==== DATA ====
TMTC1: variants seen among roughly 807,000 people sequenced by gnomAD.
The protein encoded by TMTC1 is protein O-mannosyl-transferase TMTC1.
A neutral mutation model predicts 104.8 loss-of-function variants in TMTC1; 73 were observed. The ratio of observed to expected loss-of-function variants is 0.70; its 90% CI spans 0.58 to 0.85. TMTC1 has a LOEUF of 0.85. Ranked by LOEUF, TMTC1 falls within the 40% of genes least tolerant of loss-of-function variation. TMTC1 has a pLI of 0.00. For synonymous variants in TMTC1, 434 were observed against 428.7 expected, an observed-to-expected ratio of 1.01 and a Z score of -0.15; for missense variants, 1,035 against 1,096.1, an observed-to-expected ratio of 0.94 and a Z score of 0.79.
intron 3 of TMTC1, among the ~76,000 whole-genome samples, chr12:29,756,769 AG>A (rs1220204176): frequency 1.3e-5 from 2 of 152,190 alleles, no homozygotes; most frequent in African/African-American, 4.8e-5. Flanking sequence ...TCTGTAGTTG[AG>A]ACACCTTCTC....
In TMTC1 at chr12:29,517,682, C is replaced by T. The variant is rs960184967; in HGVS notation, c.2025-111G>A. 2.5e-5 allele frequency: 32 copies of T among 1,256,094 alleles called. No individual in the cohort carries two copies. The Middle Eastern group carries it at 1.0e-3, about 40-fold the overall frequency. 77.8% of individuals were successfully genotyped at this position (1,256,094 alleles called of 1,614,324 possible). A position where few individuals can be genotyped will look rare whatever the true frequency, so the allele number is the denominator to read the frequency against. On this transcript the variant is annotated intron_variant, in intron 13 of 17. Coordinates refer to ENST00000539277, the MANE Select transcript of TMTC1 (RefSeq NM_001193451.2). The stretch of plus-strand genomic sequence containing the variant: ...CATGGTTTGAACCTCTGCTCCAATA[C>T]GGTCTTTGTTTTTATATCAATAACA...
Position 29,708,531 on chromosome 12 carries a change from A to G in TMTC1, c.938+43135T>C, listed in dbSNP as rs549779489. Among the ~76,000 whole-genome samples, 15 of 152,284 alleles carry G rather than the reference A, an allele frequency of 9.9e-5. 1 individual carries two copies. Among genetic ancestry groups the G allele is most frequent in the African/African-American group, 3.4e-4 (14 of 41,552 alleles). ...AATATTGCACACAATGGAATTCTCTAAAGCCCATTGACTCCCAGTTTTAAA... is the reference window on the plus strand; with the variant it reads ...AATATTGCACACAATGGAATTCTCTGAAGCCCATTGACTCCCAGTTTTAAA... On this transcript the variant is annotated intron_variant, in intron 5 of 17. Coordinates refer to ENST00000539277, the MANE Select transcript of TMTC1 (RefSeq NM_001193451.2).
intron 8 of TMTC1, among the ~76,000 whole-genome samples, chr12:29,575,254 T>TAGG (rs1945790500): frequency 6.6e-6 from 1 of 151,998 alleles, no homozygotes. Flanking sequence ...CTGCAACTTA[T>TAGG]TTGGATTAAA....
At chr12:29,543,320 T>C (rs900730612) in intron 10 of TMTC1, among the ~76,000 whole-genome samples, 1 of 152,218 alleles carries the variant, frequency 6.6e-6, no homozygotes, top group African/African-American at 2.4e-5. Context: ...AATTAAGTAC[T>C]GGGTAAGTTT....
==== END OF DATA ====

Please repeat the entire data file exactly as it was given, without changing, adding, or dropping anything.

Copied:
TMTC1: variants seen among roughly 807,000 people sequenced by gnomAD.
The protein encoded by TMTC1 is protein O-mannosyl-transferase TMTC1.
A neutral mutation model predicts 104.8 loss-of-function variants in TMTC1; 73 were observed. The ratio of observed to expected loss-of-function variants is 0.70; its 90% CI spans 0.58 to 0.85. TMTC1 has a LOEUF of 0.85. Ranked by LOEUF, TMTC1 falls within the 40% of genes least tolerant of loss-of-function variation. TMTC1 has a pLI of 0.00. For synonymous variants in TMTC1, 434 were observed against 428.7 expected, an observed-to-expected ratio of 1.01 and a Z score of -0.15; for missense variants, 1,035 against 1,096.1, an observed-to-expected ratio of 0.94 and a Z score of 0.79.
intron 3 of TMTC1, among the ~76,000 whole-genome samples, chr12:29,756,769 AG>A (rs1220204176): frequency 1.3e-5 from 2 of 152,190 alleles, no homozygotes; most frequent in African/African-American, 4.8e-5. Flanking sequence ...TCTGTAGTTG[AG>A]ACACCTTCTC....
In TMTC1 at chr12:29,517,682, C is replaced by T. The variant is rs960184967; in HGVS notation, c.2025-111G>A. 2.5e-5 allele frequency: 32 copies of T among 1,256,094 alleles called. No individual in the cohort carries two copies. The Middle Eastern group carries it at 1.0e-3, about 40-fold the overall frequency. 77.8% of individuals were successfully genotyped at this position (1,256,094 alleles called of 1,614,324 possible). A position where few individuals can be genotyped will look rare whatever the true frequency, so the allele number is the denominator to read the frequency against. On this transcript the variant is annotated intron_variant, in intron 13 of 17. Coordinates refer to ENST00000539277, the MANE Select transcript of TMTC1 (RefSeq NM_001193451.2). The stretch of plus-strand genomic sequence containing the variant: ...CATGGTTTGAACCTCTGCTCCAATA[C>T]GGTCTTTGTTTTTATATCAATAACA...
Position 29,708,531 on chromosome 12 carries a change from A to G in TMTC1, c.938+43135T>C, listed in dbSNP as rs549779489. Among the ~76,000 whole-genome samples, 15 of 152,284 alleles carry G rather than the reference A, an allele frequency of 9.9e-5. 1 individual carries two copies. Among genetic ancestry groups the G allele is most frequent in the African/African-American group, 3.4e-4 (14 of 41,552 alleles). ...AATATTGCACACAATGGAATTCTCTAAAGCCCATTGACTCCCAGTTTTAAA... is the reference window on the plus strand; with the variant it reads ...AATATTGCACACAATGGAATTCTCTGAAGCCCATTGACTCCCAGTTTTAAA... On this transcript the variant is annotated intron_variant, in intron 5 of 17. Coordinates refer to ENST00000539277, the MANE Select transcript of TMTC1 (RefSeq NM_001193451.2).
intron 8 of TMTC1, among the ~76,000 whole-genome samples, chr12:29,575,254 T>TAGG (rs1945790500): frequency 6.6e-6 from 1 of 151,998 alleles, no homozygotes. Flanking sequence ...CTGCAACTTA[T>TAGG]TTGGATTAAA....
At chr12:29,543,320 T>C (rs900730612) in intron 10 of TMTC1, among the ~76,000 whole-genome samples, 1 of 152,218 alleles carries the variant, frequency 6.6e-6, no homozygotes, top group African/African-American at 2.4e-5. Context: ...AATTAAGTAC[T>C]GGGTAAGTTT....